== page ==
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Russia eyes Port Sudan as key naval hub

Russia-Sudan ties have deepened since the October 2021 military takeover in Sudan and the Russia-Ukraine war.
This picture taken on May 2, 2021, shows a view of the Amur-class Russian navy repair ship PM-138 docked at the port of the Sudanese city of Port Sudan.

On July 31, 2022, Russian President Vladimir Putin signed a decree approving the country's new Maritime Doctrine. This conceptual document redefines the goals and objectives of maritime policy, emphasizes the oceanic purpose of the Russian navy and strengthens the confrontation with the United States and NATO. The previous version was approved in 2015 and reflected changes in maritime policy after the annexation of Crimea. 

The new doctrine emphasizes the need for economic development of the ocean space, states the problem of the underdeveloped Russian merchant and scientific fleet, and specifies a number of tasks for more competitive competition. In particular, the document, for the first time in the 30 years since the collapse of the Soviet Union, envisions the possibility of building modern aircraft-carrying warships, as well as creating basing infrastructure in the Red Sea and the Indian Ocean and expanding cooperation with Iran, Iraq and Saudi Arabia.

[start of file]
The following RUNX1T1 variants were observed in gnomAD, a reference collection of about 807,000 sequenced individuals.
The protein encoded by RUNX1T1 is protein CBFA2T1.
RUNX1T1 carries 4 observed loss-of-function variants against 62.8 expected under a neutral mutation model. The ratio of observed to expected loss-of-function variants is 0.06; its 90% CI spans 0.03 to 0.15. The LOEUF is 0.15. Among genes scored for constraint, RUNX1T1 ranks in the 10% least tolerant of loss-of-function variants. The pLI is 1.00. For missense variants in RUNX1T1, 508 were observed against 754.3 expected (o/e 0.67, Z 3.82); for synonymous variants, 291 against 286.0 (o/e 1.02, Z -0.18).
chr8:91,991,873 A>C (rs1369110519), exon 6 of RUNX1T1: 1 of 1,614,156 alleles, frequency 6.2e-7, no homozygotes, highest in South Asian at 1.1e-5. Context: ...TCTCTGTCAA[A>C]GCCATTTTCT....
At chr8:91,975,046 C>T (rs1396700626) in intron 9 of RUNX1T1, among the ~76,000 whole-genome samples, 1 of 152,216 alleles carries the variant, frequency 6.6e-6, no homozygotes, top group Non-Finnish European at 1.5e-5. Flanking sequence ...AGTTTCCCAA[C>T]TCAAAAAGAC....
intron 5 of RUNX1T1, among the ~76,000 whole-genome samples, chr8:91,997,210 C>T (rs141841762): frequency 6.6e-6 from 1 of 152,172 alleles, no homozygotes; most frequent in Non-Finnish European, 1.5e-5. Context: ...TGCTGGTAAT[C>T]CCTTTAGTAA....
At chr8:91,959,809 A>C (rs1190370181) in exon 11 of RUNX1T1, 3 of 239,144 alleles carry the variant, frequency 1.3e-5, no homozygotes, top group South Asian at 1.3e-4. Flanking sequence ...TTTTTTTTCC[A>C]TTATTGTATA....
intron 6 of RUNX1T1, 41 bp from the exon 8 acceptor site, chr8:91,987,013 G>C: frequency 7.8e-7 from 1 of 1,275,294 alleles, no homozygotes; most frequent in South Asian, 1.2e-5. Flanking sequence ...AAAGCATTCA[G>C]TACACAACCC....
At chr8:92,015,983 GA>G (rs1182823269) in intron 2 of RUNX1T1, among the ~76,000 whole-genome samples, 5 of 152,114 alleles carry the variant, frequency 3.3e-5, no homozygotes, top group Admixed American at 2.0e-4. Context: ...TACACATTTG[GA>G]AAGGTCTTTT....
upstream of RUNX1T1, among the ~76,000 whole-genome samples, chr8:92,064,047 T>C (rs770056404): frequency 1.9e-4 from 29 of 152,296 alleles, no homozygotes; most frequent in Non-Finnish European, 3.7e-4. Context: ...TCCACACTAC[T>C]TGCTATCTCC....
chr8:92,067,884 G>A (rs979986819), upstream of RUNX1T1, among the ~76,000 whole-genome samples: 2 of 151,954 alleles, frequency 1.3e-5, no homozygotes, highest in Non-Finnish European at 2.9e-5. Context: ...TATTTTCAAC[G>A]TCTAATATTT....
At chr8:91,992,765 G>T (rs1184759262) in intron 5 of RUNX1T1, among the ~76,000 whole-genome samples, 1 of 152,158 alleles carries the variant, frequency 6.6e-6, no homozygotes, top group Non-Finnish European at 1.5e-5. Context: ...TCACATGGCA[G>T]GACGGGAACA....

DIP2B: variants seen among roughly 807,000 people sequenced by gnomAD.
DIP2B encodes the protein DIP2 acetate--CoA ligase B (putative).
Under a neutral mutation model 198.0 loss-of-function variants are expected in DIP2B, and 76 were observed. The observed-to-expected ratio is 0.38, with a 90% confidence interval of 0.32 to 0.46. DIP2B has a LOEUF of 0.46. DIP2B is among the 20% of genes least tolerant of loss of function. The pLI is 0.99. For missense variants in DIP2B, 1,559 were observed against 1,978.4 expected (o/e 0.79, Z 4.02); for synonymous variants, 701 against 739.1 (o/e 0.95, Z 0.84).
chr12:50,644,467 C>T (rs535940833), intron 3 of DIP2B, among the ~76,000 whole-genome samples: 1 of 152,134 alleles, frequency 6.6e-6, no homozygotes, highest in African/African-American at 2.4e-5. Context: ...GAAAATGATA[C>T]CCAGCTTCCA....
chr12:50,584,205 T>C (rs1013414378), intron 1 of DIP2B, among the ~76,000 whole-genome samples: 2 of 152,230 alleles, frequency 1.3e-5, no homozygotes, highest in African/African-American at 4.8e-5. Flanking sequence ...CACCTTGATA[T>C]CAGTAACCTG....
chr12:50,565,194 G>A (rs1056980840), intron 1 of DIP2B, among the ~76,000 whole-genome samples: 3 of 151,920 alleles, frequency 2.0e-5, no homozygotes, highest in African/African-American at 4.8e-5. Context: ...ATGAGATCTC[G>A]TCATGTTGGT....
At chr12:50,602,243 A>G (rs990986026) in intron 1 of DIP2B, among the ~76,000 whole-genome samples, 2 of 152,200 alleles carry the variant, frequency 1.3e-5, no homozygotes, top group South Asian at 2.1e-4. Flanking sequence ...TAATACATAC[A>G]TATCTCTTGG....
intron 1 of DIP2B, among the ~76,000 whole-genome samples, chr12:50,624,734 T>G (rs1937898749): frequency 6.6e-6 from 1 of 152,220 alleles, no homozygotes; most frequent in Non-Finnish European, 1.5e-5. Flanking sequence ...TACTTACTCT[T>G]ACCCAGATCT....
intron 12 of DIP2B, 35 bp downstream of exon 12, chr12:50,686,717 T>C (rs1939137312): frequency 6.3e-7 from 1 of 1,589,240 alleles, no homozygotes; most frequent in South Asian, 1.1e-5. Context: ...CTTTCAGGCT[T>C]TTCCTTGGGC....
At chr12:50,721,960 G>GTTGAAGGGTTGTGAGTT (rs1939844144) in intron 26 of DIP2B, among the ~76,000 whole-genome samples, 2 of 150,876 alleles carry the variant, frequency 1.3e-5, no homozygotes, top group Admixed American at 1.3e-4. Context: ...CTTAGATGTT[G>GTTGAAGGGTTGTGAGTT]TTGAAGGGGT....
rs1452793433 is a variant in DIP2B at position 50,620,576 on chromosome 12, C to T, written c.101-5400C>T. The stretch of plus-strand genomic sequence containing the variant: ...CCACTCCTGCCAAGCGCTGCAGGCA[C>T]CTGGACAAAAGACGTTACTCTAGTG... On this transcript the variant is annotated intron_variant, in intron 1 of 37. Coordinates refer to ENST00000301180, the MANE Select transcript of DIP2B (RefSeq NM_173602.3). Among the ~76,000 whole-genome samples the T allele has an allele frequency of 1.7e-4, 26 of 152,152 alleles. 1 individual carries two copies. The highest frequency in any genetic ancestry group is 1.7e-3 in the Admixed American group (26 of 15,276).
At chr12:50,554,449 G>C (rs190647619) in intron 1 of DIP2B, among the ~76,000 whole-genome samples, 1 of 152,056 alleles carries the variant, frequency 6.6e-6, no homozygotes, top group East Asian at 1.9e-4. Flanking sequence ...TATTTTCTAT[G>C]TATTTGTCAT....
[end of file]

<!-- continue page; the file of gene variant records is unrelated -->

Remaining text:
With the exception of the Syrian port of Tartus, the only real foreign maritime facility where Russia really intended to have a serious presence was Port Sudan. The relevant agreements had been reached under Omar al-Bashir but were made public after the 2019 military coup during a so-called transitional period without the possibility of early ratification of the document by the new authorities. However, in April 2021, the Sovereign Council of Sudan suspended the agreement with Russia to create a logistics center. This happened at a time when the Russian military had already started to deliver military equipment there. 

The freezing of the agreement occurred primarily because of the emerging thaw in relations between Khartoum and Washington and the desire of the Sudanese military to obtain better economic guarantees from Moscow. Thus, after the US State Department removed Sudan from its list of sponsors of terrorism in late 2020, it stepped up its efforts to find investors. 

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